"Over the past year, the most resounding suggestion from our Zero Day Initiative researchers was to add more transparency to our program by publishing the pipeline of vendors with pending zero day vulnerabilities. The following is a list of vulnerabilities discovered by researchers enrolled in the Zero Day Initiative that have yet to be publicly disclosed. The affected vendor has been contacted on the specified date and while they work on a patch for these vulnerabilities, TippingPoint customers are protected from exploitation by IPS filters delivered ahead of public disclosure. A list of published advisories is also available."
Note the time from vulnerability reporting to patch on some vendors:
ZDI-CAN-041 -- Computer Associates -- High -- 2006.04.07, 144 days ago
ZDI-CAN-042 -- Adobe -- High -- 2006.04.07, 144 days ago
ZDI-CAN-046 -- Computer Associates -- High -- 2006.04.07, 144 days ago
ZDI-CAN-061 -- Microsoft -- High -- 2006.06.14, 76 days ago
Don't be in a hurry to blame the vendors, as in between having to deal with these zero day vulnerabilities, they're all providing patches to fix the emerging ones, that is those who get the highest publicty and make the headlines so actively that there's no other way but dedicating product development time to quality assurance. Keep in mind that, even though vendors are still working on fixing these, apparently TippingPoint's IPS customers are protected -- they're aware of these exploits. Excluding the vendor dependability issue, and the fact that ZDI is indisputably turning into a HR-on-demand think-tank for vulnerability research, I discussed some of the issues regarding the possible motivation of the vulnerability informediaries and what to keep in mind in a previous post :
- trying to attract the most talented researchers, instead of having them turn to the dark side? I doubt they are that much socially oriented, but still it's an option?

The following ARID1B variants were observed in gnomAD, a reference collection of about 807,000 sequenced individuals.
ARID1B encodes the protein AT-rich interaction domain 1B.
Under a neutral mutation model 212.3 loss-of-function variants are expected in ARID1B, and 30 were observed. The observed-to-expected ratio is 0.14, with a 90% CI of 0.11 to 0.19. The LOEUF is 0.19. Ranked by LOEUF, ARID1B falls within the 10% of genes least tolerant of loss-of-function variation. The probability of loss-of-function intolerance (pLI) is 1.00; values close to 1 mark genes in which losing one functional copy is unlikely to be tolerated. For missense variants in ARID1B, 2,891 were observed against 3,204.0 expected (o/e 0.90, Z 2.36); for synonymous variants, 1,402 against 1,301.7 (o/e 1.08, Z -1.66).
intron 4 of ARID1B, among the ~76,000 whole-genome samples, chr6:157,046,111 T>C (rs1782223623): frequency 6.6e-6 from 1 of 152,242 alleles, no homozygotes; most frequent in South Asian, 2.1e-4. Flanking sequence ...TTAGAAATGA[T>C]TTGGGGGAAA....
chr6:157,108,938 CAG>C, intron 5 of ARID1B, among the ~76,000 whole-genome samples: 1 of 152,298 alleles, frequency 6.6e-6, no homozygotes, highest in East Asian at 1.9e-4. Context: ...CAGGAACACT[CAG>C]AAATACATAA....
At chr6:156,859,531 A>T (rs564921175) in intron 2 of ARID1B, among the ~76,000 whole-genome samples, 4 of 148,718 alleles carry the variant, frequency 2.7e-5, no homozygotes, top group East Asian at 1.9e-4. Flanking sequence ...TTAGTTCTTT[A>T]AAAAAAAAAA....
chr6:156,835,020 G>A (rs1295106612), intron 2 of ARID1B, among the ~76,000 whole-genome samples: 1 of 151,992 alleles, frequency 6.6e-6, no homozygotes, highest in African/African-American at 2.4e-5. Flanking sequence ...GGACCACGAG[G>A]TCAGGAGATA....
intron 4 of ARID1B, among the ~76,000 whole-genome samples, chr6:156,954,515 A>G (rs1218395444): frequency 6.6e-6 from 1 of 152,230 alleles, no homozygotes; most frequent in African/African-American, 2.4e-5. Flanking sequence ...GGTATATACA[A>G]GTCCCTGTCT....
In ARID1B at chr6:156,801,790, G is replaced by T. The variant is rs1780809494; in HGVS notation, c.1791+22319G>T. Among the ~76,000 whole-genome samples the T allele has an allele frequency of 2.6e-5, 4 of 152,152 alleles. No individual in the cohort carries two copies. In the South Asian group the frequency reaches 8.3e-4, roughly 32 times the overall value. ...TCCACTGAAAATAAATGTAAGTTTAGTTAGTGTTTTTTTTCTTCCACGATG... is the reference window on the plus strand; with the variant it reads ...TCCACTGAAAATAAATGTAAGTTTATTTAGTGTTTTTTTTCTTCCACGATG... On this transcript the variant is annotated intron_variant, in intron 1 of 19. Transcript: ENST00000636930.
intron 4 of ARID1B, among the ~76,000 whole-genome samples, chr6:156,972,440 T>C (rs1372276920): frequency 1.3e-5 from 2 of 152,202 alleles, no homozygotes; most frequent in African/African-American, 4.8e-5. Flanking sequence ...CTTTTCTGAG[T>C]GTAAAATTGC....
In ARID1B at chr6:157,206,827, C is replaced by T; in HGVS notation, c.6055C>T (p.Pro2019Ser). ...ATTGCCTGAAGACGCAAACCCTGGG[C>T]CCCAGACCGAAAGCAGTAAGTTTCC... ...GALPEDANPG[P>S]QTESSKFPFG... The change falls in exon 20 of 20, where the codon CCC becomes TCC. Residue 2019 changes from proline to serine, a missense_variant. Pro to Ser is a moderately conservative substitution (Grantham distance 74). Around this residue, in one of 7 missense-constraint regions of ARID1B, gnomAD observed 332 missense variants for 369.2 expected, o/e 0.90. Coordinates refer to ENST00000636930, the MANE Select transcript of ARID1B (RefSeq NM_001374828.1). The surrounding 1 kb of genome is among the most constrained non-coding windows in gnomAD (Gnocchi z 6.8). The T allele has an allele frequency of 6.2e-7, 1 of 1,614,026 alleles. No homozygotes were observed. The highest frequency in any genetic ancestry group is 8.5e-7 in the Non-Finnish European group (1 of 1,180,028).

- ensuring the proactive security of its customers through first notifying them, and them and then the general public? That doesn't necessarily secures the Internet, and sort of provides the clientele with a false feeling of security, "what if" a (malicious) vulnerability researcher doesn't cooperate with iDefense, and instead sells an 0day to a competitor? Would the vendor's IPS protect against a threat like that too?
- fighting against the permanent opportunity of another 0day, gaining only a temporary momentum advantage?
- improving the company's clients list through constant collaboration with leading vendors while communication a vulnerability in their software products?
Diversify your infrastructure to minimize the damages due to zero day outbreaks, ensure end users are privileged as much as they need, do your homework, camouflage and implement early warning systems/decoys, and yes, keep track of your assets and ensure they're already protected from what's known to be their vulnerability. Responsible disclosure is the socially oriented approach, trouble is the Internet itself is a capitalistic society with basic market forces.